California is launching a bold new climate plan to eliminate the state’s greenhouse gas emissions by 2045, which would also significantly decrease emissions beyond its borders. The plan requires significant transformations in energy, industry, transportation, and human behavior, and addresses challenges such as environmental justice and affordability. However, the plan has faced opposition from local organizations and individuals, as well as challenges in implementing new policies.
California’s Climate Plan Has the Potential to Influence the Rest of the World
Despite these obstacles, the authors of the plan, who have experience as board members of the California Air Resources Board, believe that California has the potential to succeed and set an example for the rest of the world. California’s economy is comparable to the fourth largest in the world and has a history of setting environmental standards that are copied globally. The plan includes a 94% reduction in petroleum use by 2045 and an 85% reduction in greenhouse gas emissions relative to 1990 levels. The remaining 15% will be achieved through carbon capture and sequestration.
California’s 2045 Climate Plan: A Comprehensive Approach to Eliminating Greenhouse Gas Emissions
The plan to eliminate California’s greenhouse gas emissions by 2045 includes a 37-fold increase in zero-emission vehicles on the road, a sixfold increase in electrical appliances in homes, a fourfold increase in installed wind and solar generation capacity, and a doubling total electricity generation. It also focuses on increasing hydrogen power and modifying agricultural and forest management to decrease wildfires, sequester carbon dioxide, and decrease fertilizer demand. This is a massive undertaking that will require significant transformations in various industries and activities, particularly in transportation which is the largest contributor to emissions.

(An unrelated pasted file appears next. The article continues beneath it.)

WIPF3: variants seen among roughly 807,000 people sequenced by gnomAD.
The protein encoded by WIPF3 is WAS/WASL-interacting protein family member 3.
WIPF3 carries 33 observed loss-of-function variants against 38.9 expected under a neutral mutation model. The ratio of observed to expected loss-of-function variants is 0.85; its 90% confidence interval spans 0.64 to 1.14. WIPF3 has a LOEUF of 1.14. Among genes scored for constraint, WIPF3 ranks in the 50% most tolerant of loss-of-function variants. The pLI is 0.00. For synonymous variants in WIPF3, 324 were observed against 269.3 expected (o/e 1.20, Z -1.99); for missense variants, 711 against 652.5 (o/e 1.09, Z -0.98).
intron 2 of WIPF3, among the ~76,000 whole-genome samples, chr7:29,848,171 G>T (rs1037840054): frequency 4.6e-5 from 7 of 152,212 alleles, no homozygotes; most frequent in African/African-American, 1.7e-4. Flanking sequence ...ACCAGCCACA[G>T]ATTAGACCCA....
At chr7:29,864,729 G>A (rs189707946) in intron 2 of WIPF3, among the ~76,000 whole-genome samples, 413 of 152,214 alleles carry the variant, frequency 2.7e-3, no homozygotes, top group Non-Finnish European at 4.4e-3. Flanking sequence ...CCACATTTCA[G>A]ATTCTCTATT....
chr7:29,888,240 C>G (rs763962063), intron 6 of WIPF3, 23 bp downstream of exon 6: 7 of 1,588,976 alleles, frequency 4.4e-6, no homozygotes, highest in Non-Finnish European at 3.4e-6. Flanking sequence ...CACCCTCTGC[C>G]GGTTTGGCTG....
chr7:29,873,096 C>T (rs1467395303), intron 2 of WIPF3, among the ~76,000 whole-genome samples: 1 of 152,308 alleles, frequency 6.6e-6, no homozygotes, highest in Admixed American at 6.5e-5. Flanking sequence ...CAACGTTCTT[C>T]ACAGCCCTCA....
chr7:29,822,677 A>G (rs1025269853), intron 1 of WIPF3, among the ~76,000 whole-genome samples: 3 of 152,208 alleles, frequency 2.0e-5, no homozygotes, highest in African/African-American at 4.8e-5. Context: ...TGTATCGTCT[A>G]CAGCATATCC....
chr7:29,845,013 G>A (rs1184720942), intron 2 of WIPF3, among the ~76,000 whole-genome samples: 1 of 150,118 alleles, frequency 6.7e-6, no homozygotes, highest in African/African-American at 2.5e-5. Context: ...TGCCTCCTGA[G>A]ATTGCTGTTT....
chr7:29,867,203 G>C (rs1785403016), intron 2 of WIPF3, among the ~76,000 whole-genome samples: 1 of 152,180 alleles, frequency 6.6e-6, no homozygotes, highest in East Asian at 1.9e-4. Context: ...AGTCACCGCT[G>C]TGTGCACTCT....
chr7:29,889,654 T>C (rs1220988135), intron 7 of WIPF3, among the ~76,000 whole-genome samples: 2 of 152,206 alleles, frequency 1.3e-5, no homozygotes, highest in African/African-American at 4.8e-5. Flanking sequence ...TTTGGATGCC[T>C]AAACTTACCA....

Transportation accounts for about half of California’s greenhouse gas emissions, including those from oil refineries. The state has already implemented regulations for nearly all new cars, trucks, and buses to have zero emissions by 2035 and for transit buses by 2029. Additionally, California’s Low Carbon Fuel Standard requires oil companies to gradually decrease the carbon intensity of transportation fuels, to ensure that the liquid fuels needed for legacy cars and trucks still on the road after 2045 will be low-carbon biofuels.
Challenges May Cause Things to Slow Down
The plan to eliminate California’s greenhouse gas emissions by 2045 includes a reliance on regulations, but there is a risk that opposition may lead to modifications or rescissions of these regulations. For example, if battery costs do not continue to decrease, charging infrastructure is not provided, and local opposition blocks new charging sites and grid upgrades, the state may have to slow down its zero-emission vehicle requirements. The plan also relies on changes in human behavior, such as a 25% reduction in vehicle miles traveled in 2030 compared to 2019, which may be difficult to achieve without implementing unpopular measures such as steep charges for road use and parking, or a significant increase in shared-ride automated vehicles, which are not yet widely available.
Crucial for Reaching Net Zero Emissions
The plan also calls for a significant increase in electricity production, specifically doubling total generation and quadrupling renewable generation in just 22 years. Electrification of buildings is still in its early stages in California, with requirements for new homes to have rooftop solar and incentives and regulations to replace natural gas use with heat pumps and electric appliances.